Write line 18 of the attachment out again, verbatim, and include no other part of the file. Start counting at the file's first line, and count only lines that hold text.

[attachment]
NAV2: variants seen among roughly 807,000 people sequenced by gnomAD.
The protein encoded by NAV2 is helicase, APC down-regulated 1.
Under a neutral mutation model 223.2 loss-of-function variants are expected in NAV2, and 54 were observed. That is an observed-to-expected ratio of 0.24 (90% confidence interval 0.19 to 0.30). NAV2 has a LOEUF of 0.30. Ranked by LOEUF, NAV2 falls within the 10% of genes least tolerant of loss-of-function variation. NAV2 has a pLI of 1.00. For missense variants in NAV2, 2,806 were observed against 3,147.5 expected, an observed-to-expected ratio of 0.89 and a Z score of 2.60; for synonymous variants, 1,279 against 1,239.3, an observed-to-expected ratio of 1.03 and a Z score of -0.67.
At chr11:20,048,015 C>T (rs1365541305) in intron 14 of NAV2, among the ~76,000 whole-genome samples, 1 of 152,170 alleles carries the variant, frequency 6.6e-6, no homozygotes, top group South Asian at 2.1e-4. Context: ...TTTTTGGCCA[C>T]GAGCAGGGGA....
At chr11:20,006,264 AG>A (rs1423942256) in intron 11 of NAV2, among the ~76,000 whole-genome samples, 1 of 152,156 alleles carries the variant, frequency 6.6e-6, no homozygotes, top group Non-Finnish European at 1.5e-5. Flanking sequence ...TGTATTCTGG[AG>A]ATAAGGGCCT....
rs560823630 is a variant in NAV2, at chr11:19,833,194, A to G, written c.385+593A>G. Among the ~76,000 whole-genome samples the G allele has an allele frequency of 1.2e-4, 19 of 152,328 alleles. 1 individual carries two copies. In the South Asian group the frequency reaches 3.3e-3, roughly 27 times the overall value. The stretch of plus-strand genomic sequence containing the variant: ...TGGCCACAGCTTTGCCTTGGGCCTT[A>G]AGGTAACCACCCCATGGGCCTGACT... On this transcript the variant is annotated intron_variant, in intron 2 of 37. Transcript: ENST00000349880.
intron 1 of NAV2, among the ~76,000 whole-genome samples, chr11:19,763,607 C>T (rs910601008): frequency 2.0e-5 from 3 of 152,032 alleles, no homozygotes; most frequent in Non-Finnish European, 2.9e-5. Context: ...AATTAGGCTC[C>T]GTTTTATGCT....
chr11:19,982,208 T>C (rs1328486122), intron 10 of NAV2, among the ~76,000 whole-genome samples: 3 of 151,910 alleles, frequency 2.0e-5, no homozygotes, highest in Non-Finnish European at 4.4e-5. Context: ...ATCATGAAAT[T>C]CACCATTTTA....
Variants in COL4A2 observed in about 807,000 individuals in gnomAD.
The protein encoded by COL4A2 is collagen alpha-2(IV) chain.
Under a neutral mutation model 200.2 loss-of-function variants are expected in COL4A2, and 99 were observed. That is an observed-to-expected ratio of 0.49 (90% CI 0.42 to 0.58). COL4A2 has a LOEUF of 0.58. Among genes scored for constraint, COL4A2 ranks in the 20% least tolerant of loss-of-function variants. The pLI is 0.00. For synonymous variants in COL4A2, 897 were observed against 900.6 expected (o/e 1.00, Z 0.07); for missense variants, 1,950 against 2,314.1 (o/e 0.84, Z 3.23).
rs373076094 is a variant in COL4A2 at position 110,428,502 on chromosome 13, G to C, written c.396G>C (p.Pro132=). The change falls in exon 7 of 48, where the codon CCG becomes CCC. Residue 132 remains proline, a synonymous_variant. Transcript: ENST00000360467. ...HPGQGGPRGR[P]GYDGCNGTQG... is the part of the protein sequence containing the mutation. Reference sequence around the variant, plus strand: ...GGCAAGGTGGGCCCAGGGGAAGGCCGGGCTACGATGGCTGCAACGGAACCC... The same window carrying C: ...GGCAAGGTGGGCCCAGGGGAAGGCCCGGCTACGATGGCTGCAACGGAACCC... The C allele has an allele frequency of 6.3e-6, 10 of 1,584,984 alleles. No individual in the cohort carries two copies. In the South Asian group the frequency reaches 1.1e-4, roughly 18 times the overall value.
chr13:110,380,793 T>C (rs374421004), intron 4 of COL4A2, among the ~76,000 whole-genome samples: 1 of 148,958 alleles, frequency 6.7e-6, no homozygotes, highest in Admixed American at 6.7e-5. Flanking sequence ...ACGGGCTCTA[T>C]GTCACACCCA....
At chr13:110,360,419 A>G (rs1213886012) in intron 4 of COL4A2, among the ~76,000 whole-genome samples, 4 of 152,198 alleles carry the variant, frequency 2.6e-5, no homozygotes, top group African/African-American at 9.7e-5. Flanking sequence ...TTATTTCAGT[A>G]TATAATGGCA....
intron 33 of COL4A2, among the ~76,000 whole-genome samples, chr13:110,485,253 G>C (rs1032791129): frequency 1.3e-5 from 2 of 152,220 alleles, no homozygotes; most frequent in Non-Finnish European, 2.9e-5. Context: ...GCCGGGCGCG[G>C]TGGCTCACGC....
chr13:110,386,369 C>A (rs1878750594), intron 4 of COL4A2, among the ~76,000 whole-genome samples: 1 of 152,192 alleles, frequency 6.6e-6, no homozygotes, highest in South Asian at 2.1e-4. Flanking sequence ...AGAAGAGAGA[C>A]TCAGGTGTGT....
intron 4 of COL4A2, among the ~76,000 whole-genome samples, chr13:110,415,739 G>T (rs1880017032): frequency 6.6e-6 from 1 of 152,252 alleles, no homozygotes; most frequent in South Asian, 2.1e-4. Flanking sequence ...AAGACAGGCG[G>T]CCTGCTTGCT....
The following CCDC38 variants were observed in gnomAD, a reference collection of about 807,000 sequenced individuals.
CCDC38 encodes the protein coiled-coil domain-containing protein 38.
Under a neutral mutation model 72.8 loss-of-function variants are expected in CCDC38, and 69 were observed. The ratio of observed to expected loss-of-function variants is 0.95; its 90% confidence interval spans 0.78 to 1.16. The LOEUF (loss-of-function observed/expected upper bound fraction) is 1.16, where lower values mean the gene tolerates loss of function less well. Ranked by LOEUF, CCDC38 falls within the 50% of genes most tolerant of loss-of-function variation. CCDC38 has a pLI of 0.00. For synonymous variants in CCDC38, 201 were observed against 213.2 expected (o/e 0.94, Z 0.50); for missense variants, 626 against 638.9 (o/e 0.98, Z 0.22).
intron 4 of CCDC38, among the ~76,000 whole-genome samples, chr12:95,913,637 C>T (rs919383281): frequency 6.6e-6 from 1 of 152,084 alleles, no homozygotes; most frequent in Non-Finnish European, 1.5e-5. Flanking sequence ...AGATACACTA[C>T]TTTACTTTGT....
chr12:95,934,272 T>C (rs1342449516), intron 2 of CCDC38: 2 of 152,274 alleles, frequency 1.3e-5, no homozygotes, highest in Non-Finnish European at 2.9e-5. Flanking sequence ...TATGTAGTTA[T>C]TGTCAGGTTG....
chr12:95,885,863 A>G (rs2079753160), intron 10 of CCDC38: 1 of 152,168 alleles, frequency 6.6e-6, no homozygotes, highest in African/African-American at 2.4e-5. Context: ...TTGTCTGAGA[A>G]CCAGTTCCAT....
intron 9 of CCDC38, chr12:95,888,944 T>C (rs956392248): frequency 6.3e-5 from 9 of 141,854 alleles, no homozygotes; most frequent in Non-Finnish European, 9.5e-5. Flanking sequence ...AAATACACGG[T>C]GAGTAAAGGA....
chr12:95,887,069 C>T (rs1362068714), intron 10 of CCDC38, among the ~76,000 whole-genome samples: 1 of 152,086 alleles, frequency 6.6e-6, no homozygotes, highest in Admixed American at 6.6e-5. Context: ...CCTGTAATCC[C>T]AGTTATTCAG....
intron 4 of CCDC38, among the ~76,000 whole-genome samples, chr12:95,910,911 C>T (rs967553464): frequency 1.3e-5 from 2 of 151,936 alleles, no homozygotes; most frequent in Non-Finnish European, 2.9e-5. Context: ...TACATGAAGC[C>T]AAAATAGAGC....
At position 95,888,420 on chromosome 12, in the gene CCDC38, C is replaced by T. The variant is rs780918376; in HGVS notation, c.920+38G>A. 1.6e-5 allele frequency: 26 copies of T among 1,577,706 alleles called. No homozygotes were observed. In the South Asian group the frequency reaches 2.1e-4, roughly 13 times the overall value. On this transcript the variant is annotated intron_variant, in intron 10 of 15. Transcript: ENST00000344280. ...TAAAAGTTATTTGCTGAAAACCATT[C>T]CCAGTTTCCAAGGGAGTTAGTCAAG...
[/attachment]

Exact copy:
The following CCDC38 variants were observed in gnomAD, a reference collection of about 807,000 sequenced individuals.